• Few things are more boring than watching a shot that goes on too long.  Next time you watch your favorite natural history program, start counting when a new scene comes on and see how long before the editor changes the clip.  I can almost guarantee that you will never reach ten seconds and you will rarely get past four seconds.  By constantly jumping between clips it becomes possible to artificially create some of the energy and excitement that comes from actually being there.  As an editor you want to remember—keep your shots short.

  • One of the most basic errors editors make is going back in time.  I’m not talking about the time travel of science fiction movies.  I’m talking about the mistake of showing events occurring multiple times.  When you cut between scenes you can’t go back in time.  For example, let’s say we have two cameras set up to film an osprey bringing a fish to its mate as she sits on the nest.  These cameras provide different angles of the same interaction and we get the idea that it would be cool to edit the scene so that we start with camera A and end with camera B.  So far, no problem.  The cut point (where we switch from camera A to camera B) is right after the male osprey gives the fish to the female.  Here is where many editors time travel.  They will use the first clip (camera A) up until the point where the female takes the fish from the male.  They will then switch to second clip (camera B) and start with the female taking the fish from the male.  If you watch these two clips in sequence, the male gave the fish twice!  To work, the second clip has to start immediately AFTER the female gets the fish.  It sounds obvious, yet going back in time is one of the most common editing mistakes.

  • Today’s editing systems provide a huge variety of transitions.  Keep it simple—don’t use them.  Like Photoshop filters, just because a transition is available doesn’t mean you should use it.  Unless you can articulate a specific reason, limit your transitions to three types: cuts, dissolves, and fades.  A cut is the default transition and consists of one clip ending and the next clip starting.  They are simple, not distracting, and 99 percent of the time should be your go-to transition.  A dissolve is when one clip fades out and the next clip fades in.  This signifies a change in either location or time.  A fade usually occurs at the end of a film when a clip fades away and is replaced with a color (usually black).  Fades give the audience time to sit back and absorb the previous scene.  When in doubt, stick to cuts, with the occasional dissolve or fade thrown in for creative impact.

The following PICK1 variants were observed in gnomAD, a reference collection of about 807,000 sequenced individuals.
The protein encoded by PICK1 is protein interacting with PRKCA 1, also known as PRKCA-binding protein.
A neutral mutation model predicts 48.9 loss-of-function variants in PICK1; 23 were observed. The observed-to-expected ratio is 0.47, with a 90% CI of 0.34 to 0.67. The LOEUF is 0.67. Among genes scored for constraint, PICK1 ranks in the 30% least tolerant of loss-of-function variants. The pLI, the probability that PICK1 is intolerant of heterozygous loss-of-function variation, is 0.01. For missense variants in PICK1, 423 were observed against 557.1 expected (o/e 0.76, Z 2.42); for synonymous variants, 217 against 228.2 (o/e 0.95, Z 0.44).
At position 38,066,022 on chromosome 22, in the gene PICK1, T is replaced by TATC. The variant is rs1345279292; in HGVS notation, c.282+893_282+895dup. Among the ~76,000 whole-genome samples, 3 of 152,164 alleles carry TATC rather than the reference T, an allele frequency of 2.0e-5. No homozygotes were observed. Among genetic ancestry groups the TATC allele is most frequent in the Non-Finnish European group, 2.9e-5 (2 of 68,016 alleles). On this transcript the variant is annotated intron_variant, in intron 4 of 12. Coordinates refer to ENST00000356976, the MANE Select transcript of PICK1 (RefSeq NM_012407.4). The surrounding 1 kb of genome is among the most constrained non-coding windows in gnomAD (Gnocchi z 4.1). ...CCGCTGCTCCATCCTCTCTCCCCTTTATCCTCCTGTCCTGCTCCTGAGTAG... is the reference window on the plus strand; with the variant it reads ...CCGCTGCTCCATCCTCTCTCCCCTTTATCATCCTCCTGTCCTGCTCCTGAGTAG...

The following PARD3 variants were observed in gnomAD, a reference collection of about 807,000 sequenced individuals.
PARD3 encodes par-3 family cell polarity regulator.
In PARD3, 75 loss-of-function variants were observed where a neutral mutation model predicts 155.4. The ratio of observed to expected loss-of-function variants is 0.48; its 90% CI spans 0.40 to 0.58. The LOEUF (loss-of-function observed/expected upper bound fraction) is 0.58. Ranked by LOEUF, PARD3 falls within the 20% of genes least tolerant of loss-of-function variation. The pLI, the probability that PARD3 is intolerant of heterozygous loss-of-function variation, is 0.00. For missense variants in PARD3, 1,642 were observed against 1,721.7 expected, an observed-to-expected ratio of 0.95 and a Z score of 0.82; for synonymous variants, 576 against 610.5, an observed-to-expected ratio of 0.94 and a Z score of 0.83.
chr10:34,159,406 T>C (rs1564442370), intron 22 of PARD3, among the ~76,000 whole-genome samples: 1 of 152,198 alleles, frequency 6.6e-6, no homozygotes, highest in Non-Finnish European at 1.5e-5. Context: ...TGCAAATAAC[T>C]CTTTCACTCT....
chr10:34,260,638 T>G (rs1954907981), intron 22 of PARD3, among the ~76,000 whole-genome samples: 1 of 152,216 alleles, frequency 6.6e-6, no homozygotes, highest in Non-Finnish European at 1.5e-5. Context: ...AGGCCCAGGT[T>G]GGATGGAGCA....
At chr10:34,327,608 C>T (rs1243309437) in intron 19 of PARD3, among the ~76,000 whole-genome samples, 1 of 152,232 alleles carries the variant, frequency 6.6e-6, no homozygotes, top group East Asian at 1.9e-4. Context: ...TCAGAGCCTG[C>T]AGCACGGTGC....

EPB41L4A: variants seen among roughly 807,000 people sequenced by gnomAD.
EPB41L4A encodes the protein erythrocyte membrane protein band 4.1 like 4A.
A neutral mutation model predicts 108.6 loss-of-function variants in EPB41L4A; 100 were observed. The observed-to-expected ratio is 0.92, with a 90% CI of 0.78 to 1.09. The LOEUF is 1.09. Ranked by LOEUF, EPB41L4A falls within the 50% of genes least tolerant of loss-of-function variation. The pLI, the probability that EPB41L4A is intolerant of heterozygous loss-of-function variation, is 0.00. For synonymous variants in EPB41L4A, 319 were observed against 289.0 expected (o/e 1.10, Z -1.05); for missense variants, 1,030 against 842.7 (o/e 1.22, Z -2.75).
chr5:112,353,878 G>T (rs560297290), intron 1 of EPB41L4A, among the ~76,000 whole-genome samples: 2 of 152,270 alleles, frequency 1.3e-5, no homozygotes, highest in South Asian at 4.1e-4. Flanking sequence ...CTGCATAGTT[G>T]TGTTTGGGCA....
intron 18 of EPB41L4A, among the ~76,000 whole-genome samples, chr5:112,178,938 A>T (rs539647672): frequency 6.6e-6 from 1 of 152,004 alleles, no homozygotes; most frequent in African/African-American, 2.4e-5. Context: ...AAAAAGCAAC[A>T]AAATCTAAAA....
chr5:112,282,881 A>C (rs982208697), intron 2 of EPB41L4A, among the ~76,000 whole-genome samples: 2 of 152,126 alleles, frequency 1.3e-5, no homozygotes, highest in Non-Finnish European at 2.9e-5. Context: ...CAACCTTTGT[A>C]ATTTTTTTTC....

• Editing involves both video and audio.  In the audio category, sounds can be broken down into dialogue, sound effects, and soundtracks.  To make sound editing easier, select different audio tracks for each of these categories and add audio files to the appropriate track.  This simple step will make editing the audio files much easier.

  • Remember that copyright covers music as well as photography.  Just because you like a song doesn’t mean you can use it in your movie.  Music-making programs such as Garageband, as well as local musicians and royalty-free music are legitimate sources for music that will keep you out of legal trouble.

  • Finally, watch your sound levels (aka volume).  Have you ever watched a video where the volume jumps from really loud to very soft?  Don’t do that to your audience.  Learn to adjust sound levels and then make sure that your levels are consistent throughout the entire film.

Editing can be a lot of fun and one of the most creative aspects of filmmaking.  But like other skills, it takes time and practice to develop.  By applying the above tips to your editing projects you should see an immediate improvement in the quality of your videos.